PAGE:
|Citing Patent||Filing date||Publication date||Applicant||Title|
|US5128880 *||11 May 1990||7 Jul 1992||Foot Image Technology, Inc.||Foot measurement and footwear sizing system|
|US5195030 *||11 May 1990||16 Mar 1993||Foot Image Technology, Inc.||System and method of foot shape imaging and overlay|
|US5206804 *||11 May 1990||27 Apr 1993||Foot Image Technology, Inc.||Footwear visual image cataloging and sizing|
|US5237520 *||29 May 1992||17 Aug 1993||Foot Image Technology, Inc.||Foot measurement and footwear sizing system|
|US5339252 *||7 Jan 1993||16 Aug 1994||Foot Image Technology, Inc.||Integrated system for foot measurement, last and footwear manufacture|
|US5357799 *||14 Jul 1992||25 Oct 1994||Bridgestone Corporation||Method and apparatus for determining abrasion potential of tire treads|
|US5361133 *||23 Jun 1992||1 Nov 1994||Footmark, Inc.||Method and apparatus for analyzing feet|
|US5616839 *||29 Jan 1996||1 Apr 1997||Ford Motor Company||Apparatus and method for measuring contact force distribution of a tire|
|US5659395 *||7 Jun 1995||19 Aug 1997||Footmark, Inc.||Method and apparatus for analyzing feet|
|US5689446 *||3 Nov 1995||18 Nov 1997||Amfit, Inc.||Foot contour digitizer|
|US5753931 *||13 Jul 1995||19 May 1998||Nike, Inc.||Object imaging device and method using line striping|
|US5790256 *||3 Feb 1997||4 Aug 1998||Footmark, Inc.||Foot analyzer|
|US6205230||12 Nov 1998||20 Mar 2001||Amfit, Inc.||Optical contour digitizer|
|US6230501||3 May 1999||15 May 2001||Promxd Technology, Inc.||Ergonomic systems and methods providing intelligent adaptive surfaces and temperature control|
|US6289107 *||23 May 1996||11 Sep 2001||Nike, Inc.||Apparatus and method of measuring human extremities using peripheral illumination techniques|
|US6331893 *||16 Jan 2001||18 Dec 2001||Footmark, Inc.||Foot analyzer|
|US6654705||7 Oct 1999||25 Nov 2003||Joel W. Benson||System for detecting a surface contour of the human foot|
|US6918883 *||18 Jun 2003||19 Jul 2005||Cannon Research Institute Of Carolinas Medical Center||Sock for detection of pressure points on feet|
|US7337680||10 Dec 2003||4 Mar 2008||Scott Kantro||System and method for measuring plantar foot pressure|
|US7617068||20 Oct 2006||10 Nov 2009||Amfit, Inc.||Method for determining relative mobility or regions of an object|
|US7913423||14 Feb 2006||29 Mar 2011||Johnson Technologies Corporation||Ergonomic insole|
|US8028576||4 Oct 2011||Jeffrey Arthur Oster||Muscle strength assessment system|
|US8290739||16 Oct 2012||Amfit, Inc.||Method for determining relative mobility of regions of an object|
|US8961618||21 Dec 2012||24 Feb 2015||össur hf||Prosthetic foot with resilient heel|
|US9132022 *||2 Aug 2011||15 Sep 2015||össur hf||Foot prosthesis with resilient multi-axial ankle|
|US20040006286 *||18 Jun 2003||8 Jan 2004||Cannon Research Institute Of Carolinas Medical Center||Sock for detection of pressure points on feet|
|US20040073399 *||23 Sep 2003||15 Apr 2004||Benson Joel W.||Method for selecting shoes|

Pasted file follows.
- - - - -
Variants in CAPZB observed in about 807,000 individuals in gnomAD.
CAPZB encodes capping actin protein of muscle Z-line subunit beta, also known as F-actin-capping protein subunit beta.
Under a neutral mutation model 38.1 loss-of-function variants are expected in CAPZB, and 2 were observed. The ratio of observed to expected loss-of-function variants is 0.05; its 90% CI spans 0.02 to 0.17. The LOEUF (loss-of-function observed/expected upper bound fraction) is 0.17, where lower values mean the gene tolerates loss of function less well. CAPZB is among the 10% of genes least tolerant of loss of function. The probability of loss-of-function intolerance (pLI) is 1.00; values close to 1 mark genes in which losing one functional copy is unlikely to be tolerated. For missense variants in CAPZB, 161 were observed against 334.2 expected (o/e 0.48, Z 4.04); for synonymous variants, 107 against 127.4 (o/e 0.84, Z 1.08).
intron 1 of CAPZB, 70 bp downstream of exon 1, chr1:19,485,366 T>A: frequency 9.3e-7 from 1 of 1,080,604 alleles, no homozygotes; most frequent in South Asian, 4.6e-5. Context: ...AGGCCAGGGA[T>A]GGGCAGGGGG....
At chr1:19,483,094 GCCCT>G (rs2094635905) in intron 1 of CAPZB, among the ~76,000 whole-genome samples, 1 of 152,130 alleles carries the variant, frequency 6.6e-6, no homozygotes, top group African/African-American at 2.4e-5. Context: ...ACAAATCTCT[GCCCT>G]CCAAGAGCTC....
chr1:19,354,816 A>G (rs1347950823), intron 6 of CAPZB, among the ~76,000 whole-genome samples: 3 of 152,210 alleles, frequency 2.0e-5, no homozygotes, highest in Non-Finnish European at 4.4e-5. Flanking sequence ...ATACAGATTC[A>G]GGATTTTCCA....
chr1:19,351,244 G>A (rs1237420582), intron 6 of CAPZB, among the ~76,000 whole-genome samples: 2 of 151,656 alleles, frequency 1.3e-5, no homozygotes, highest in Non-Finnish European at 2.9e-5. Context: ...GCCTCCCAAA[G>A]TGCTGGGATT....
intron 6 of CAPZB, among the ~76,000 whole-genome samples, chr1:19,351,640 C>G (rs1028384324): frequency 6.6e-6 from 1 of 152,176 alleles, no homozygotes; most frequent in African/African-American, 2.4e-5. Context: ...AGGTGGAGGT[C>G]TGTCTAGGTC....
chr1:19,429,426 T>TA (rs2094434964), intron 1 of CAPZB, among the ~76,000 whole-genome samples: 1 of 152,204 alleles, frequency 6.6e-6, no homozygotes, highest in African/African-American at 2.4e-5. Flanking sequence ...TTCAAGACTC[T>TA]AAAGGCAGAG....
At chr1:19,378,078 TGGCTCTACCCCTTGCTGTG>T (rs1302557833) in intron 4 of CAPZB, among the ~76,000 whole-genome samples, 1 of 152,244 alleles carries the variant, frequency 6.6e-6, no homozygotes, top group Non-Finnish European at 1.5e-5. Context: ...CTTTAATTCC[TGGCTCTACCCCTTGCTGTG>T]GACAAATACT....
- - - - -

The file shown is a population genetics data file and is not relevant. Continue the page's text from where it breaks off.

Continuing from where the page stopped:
|US20050097762 *||10 Dec 2004||12 May 2005||Biesbrouck Gerardus M.||Device and method for examining a diabetic foot|
|US20050171456 *||29 Jan 2004||4 Aug 2005||Hirschman Gordon B.||Foot pressure and shear data visualization system|
|US20060191166 *||14 Feb 2006||31 Aug 2006||Johnson Robert E||Ergonomic footwear and insole, and method of selecting same|
|US20070039209 *||2 Mar 2006||22 Feb 2007||Fila Luxembourg S.A.R.L.||Method and system for providing a customized shoe|
|US20070043582 *||2 Mar 2006||22 Feb 2007||Fila Luxembourg S.A.R.L.||Method and system for providing customized footwear to a retail consumer|
|US20070137295 *||10 Dec 2003||21 Jun 2007||Scott Kantro||System and method for measuring plantar foot pressure|
|US20080097720 *||20 Oct 2006||24 Apr 2008||Amfit, Inc.||Method for determining relative mobility or regions of an object|
|US20090227906 *||2 Mar 2009||10 Sep 2009||Jeffrey Arthur Oster||Muscle strength assessment system|
|US20100058855 *||11 Mar 2010||Amfit, Inc.||Method for determining mobility of regions of an object|
|US20120010730 *||12 Jan 2012||Christophe Guy Lecomte||Foot prosthesis with resilient multi-axial ankle|
|US20140107968 *||19 Dec 2013||17 Apr 2014||Msd Consumer Care, Inc.||Footcare product dispensing kiosk|
|WO1991017708A1 *||14 May 1990||28 Nov 1991||Foot Image Technology, Inc.||Foot measurement and footwear sizing system|
|WO2004002309A1 *||12 Jun 2003||8 Jan 2004||Medavinci Development B.V.||A device and method for checking a diabetic foot|
|WO2004055483A1 *||10 Dec 2003||1 Jul 2004||Kantro Scott R||System and method for measuring plantar foot pressure|
|WO2005044105A1 *||2 Nov 2004||19 May 2005||Sundaram Medical Foundation||Portable pedopowergraph|
|WO2014049639A1 *||25 Sep 2012||3 Apr 2014||Terumo Kabushiki Kaisha||Foot pressure distribution measurement system and information processing device|
|U.S. Classification||600/592, 33/512|
|31 May 1988||AS||Assignment|
Owner name: BIOKINETICS, INC., 5413 WEST CEDAR LANE, UNIT 103C
Free format text: ASSIGNMENT OF ASSIGNORS INTEREST.;ASSIGNOR:FRANKS, CHRISTOPHER I.;REEL/FRAME:004912/0606
Effective date: 19880525
Owner name: BIOKINETICS, INC., MARYLAND
Free format text: ASSIGNMENT OF ASSIGNORS INTEREST.;ASSIGNOR:FRANKS, CHRISTOPHER I.;REEL/FRAME:005043/0005
Effective date: 19890322
Owner name: BIOKINETICS, INC.,MARYLAND
Free format text: ASSIGNMENT OF ASSIGNORS INTEREST;ASSIGNOR:FRANKS, CHRISTOPHER I.;REEL/FRAME:004912/0606
Effective date: 19880525
|22 Feb 1993||FPAY||Fee payment|
Year of fee payment: 4
|1 Apr 1997||REMI||Maintenance fee reminder mailed|
|24 Aug 1997||LAPS||Lapse for failure to pay maintenance fees|
|4 Nov 1997||FP||Expired due to failure to pay maintenance fee|
Effective date: 19970827